Author: Emily Wright

lookin' good (soundin' bad) (for a while)

Other possible blog titles include: Acting the partAll for showTest yer gesture (ha) As many of you know, I am in the business of teaching how to play the cello. I was about to write, “I teach the cello” but then I thought, “Teach it what? How to be a human? Latvian history? Roller skating?” (backwards and forwards) So early for a digression! Anyway, I teach people of just about every level how to play the cello. I also get called upon every so often to consult on films, commercials and other showbiz type shebangs to either teach someone how to look as if they are playing the cello, or to fake it, myself. Even before I did my first consulting job, I knew that going for the gestures, the simple physical look of confident playing, was important to actual proficiency. Talking about it with some of my regular readers generated some interest, so I thought I would go a little more in-depth with this idea. You know how I like lists, so here we go: 1) Think digital. 0 or 1. On or off. Moving or not. One of the hallmarks of an introspective, well-meaning, struggling student is dithering. Hesitation out of habit, fear, self consciousness. Over preparing. Pre-preparing. Post analyzing, blah blah. One thing you notice about the movements of successful instrumentalists is that they are singular....

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keepin' it real

I live a dangerous life. Cave diving? No. Ebola specialist at the CDC? Nope! Sword swallower? Nah. No, I base my income on the wispy whims of people whose ability to pay me is a direct reflection of sentiment about the economy. Sure, I have a few dedicated students who are going to be cellists as adults. And I have a few nearly-professionals who take maintenance and polish lessons too. But the majority are people who are half-assedly checking it out, and if the financial tango we all dance gets a little too risky, cello lessons are the first thing to get the hatchet. Tis the nature of the beast. How is it that the people who are dedicated somehow manage to budget for the cello even though 9 times out of 10 they are in much lower tax brackets than the people who bail? Sometimes I think that the economy is an excuse. I had a kid drop out this week and cancel last week because of school “burn out”. The last lesson we had, I made his eyes well up with tears because I had to give him a talking-to after he was disrespectful. Coincidence? Hmm. Another student quit after 3 lessons, none of which he practiced for. His dad wrote me a note, saying that I would be contacted about his son’s intentions. After an unpleasant...

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So you wanna go to music school?

This list, like the last one, is drawn directly from my experience. This is hopfully going to be the emphasis of my next book, tentatively entitled something like, “Ignore This Book if You Want to Go to Your 9th Choice Music School”. You get my drift. Some things to do when you are certain you want to go to music school: 1) practice better. Don’t just throw yourself at the instrument for an hour or two a day. Have a look through your lesson books from past years and see what habits haunt you. Then do some serious woodshedding on those things. Do it now, or wait until later. You know, when you’re surrounded by people who have killer technique and you can’t quite hit that note… 2) Take some lessons from a name brand teacher.Doors will open for you. These people tend to be connected to colleges anyway, and if you have your heart set on a particular school, it would do you good to take some lessons with a prospective teacher. This may involve hopping on a plane for a master class, or going to a summer music festival (like Fairbanks, Idyllwild, Aspen, or Interlochen) for the sole purpose of taking a few weeks worth of lessons. At the very least, seek out the big gun closest to you. It makes a huge difference, even if your...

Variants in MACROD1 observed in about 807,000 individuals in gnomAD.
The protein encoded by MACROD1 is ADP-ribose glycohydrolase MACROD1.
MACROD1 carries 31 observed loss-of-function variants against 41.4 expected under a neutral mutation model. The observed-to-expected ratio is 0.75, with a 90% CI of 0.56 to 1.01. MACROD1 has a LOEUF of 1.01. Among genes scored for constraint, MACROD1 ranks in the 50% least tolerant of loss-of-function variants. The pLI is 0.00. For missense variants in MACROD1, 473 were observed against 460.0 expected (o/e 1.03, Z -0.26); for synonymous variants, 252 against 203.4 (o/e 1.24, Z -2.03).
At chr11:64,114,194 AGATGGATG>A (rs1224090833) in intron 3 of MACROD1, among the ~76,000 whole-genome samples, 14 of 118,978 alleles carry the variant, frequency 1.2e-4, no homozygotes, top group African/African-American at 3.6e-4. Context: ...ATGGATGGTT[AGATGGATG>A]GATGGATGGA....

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Excalibow

The 2nd movement of Beethoven 5 has claimed many a victim at symphonic auditions. It seems to be custom made to sound great in a section, but like utter chaos when played alone. Same with Don Juan, as magnificently put by Blake Oliver in this blog entry. For years and years, I have chipped away at this thing. I have changed fingerings, hand shape, bow style. Practiced it dotted, reversed, slurred, single, odd groupings, metronome, freeform…you get the picture. I even went through a period of going to sleep with Ron Leonard’s excerpt CD on, hoping for some sort of middle of the night osmosis. My efforts reached their zenith last week, and in abject frustration, I called Matt Cooker, a friend, colleague, and generally amazing cello guy, to listen to my rep for an upcoming meeting I have with the principal cellist of an orchestra I hope to play with. It was good. Really good. First off, he laid some Galamian and Starker techniques on me. Worked on unusual joint flexibility. Sorted out fingerings. It was sounding better. But then… ….I used this bow. And it sounded like a different cello. I am the first to say that good gear gets you far. But I am also in favor of students amassing years of solid technique before going the quick and dirty route of an instrument or bow...

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